Building, Testing And Distributing Android Apps

by daan on June 2, 2012

in Commerce, Design, Gadgets, Graphicdesign, Programming, Software, Tutorial

Getting To Know The Android Platform: Building, Testing And Distributing Apps

By Copyright Smashing Magazine

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When iOS started to gain momentum, soon after the first iPhone launched, many businesses started to pay attention to apps. The number of apps for iOS grew exponentially, and every company, big and small, rushed to create their own app to support their business.

For some time, iOS was the only platform you really had to care about. The audience was there. For a few years now, there has been another player in the market. Android’s marketshare growth has been phenomenal, and it simply cannot be ignored anymore. There are over 200 million Android users in the world—almost double the numer of iOS users. For businesses, reaching the Android crowds is potentially a very lucrative investment.

Android as a platform can appear intimidating to new players. Blogs and media are littered with articles about Android fragmentation and malware. The Android platform can feel complex, although it is very flexible. However, before getting started with an Android project, understanding the platform and ecosystem is imperative. Trying to apply the methods and tools that work on other platforms could lead to disaster.

In this article, we’ll explain parts of the application-building process and ecosystem for Android that could cause problems if misunderstood. We’ll talk about an approach to building a scalable app that looks and feels right at home on Android, and we’ll cover how to test it and your options for distributing it. The following topics would each need a full article to be explained fully, but this article should provide a good overview. After reading this article, you should have a good understanding of what kinds of decisions and challenges you will face when creating an Android app.

Make The App Scalable

Android devices come in many forms and sizes. The last official count is that 600 Android devices are available, and that number is growing every day. Building an app that runs on all of them is more difficult than building for just one or two screen sizes and one set of hardware. Fortunately, Android was built from the ground up with this in mind. The framework provides tools to help developers tackle the problem. But as with all tools, they only work if used correctly.

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An iOS app is designed and built by placing pixels at the proper coordinates until the UI looks just right. Not so on Android! Android designers must think about the scalability of each component and the relationships between components. The philosophy is much closer to Web app design than to iOS app design.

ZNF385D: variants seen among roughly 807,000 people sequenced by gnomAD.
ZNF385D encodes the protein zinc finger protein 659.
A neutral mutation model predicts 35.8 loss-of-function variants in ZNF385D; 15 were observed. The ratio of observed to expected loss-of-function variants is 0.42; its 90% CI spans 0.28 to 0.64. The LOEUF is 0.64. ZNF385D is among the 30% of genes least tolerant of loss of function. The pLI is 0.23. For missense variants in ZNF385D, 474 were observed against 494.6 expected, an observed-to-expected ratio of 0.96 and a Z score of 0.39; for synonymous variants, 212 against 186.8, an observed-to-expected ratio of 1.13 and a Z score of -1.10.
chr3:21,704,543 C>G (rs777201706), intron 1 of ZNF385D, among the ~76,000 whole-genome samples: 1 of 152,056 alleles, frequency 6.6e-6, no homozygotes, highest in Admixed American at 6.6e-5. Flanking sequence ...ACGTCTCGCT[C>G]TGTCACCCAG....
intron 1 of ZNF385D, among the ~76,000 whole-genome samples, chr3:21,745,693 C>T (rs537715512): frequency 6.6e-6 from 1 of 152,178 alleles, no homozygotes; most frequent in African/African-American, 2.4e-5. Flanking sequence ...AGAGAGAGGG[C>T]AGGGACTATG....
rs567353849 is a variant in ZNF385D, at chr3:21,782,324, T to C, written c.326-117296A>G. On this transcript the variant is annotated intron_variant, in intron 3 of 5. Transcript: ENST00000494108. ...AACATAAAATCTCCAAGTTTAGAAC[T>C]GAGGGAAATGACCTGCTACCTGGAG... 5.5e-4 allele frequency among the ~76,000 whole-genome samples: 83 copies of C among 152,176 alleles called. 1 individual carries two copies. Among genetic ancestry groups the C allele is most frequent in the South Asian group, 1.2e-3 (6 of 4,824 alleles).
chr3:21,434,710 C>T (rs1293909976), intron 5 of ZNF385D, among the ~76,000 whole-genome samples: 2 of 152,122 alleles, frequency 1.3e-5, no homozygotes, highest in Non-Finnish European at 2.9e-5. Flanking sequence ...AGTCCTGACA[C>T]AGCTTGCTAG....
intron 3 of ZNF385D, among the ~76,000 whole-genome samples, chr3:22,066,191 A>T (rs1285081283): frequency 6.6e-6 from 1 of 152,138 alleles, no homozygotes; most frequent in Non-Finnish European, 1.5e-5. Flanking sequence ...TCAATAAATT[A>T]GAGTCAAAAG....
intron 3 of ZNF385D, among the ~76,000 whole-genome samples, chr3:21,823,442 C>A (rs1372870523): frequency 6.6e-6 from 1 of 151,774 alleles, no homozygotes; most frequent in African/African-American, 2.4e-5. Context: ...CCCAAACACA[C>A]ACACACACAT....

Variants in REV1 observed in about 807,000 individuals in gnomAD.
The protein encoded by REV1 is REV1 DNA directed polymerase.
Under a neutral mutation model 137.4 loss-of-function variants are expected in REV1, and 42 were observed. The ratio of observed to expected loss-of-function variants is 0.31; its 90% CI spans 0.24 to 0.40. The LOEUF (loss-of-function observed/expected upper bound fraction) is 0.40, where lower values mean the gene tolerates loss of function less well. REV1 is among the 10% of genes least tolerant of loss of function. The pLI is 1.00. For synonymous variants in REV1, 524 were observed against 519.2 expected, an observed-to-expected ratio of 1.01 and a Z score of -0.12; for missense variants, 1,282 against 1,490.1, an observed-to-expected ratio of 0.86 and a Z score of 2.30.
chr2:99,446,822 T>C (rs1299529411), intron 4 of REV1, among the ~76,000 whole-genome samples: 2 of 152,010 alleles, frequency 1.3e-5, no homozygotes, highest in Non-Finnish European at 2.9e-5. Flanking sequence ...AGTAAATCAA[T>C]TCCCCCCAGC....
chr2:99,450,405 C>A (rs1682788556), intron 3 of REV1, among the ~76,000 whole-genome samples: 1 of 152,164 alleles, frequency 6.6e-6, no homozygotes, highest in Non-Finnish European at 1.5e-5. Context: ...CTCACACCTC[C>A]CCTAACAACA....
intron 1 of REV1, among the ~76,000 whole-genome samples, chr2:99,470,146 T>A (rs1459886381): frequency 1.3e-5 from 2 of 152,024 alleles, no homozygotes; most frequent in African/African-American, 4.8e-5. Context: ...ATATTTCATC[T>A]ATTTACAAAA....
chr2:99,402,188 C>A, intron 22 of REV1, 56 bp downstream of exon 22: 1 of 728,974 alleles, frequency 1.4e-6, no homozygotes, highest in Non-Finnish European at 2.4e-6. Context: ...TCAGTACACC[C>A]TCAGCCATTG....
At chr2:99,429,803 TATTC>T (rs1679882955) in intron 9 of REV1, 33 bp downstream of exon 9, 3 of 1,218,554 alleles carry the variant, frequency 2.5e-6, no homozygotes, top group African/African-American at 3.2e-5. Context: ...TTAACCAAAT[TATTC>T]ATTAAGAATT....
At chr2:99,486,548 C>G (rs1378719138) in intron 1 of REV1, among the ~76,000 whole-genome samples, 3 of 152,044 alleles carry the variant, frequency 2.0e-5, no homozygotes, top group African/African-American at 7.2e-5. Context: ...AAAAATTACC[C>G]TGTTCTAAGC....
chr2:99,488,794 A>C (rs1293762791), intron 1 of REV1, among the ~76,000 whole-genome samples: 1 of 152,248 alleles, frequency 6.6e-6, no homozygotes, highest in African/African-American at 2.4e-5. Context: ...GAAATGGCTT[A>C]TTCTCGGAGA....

A Continuum Instead Of A Separate Tablet UI

About half a year ago, Google rushed out the Android version named Honeycomb (3.0). Honeycomb was aimed at tablets and was never meant for anything else. The source code of Honeycomb was never released, and it never officially appeared on any phones. At the time, Apple had already established a practice by which developers provided two separate versions of their app, one for iPhone and one for iPad. Because of Apple’s model and the separate Android version for tablets, everyone seemed to assume that two separate versions of an app are needed on Android, too. Soon, the Internet was full of blog posts complaining that Android didn’t have enough tablet apps and that there was no way to search for them on the Google Play store.

Now, as Android Ice Cream Sandwich (4.0) is unifying all Android devices to run the same version of the OS, it all makes sense. Android is a continuum, and drawing a clear line between tablets and phones is impossible. In fact, checking whether an app is running on a tablet or phone is technically impossible. Checking the screen size (and many other features) at runtime, however, is possible.

This is where Android design starts to remind us of Web design. New technologies have enabled us to build websites that adapt automatically to the user’s browser size by scaling and moving components around as needed. This approach is called responsive Web design. The very same principles can be used on Android. On Android, however, we are not bound by the limits of the browser. Responsive design can be taken even further.

Responsive Android Design

Android developers can define multiple layouts for every screen of their app, and the OS will pick the best-fitting one at runtime. The OS knows which one fits best by using definitions that developers add to their layout (and other) folders in the app’s project resource tree.

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An example of the structure of layout folders, which distinguish between screen sizes and Android versions.

Starting from Android version 3.2 — and, therefore, also on Ice Cream Sandwich — a more fine-grained approach was introduced. Developers may now define layouts based on the screen’s pixel density, independent of size, instead of using only the few categories that were available before.

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An example of the new layout specifications based on screen size. It is very similar to CSS’ media queries. Android’s documentation has more details.

Using Fragments to Implement Responsive Design

Fragments are the building blocks of Android UIs. They can be programmed either to be standalone screens or to be displayed with other fragments; but the most powerful ones are both, depending on the device that the app is running on. This enables us not only to rearrange the fragments but to move them deeper into the activity stack. Dan McKenzie has written about issues related to designing for big Android screens.

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Each component is itself stretchable and scales to screens with similar sizes.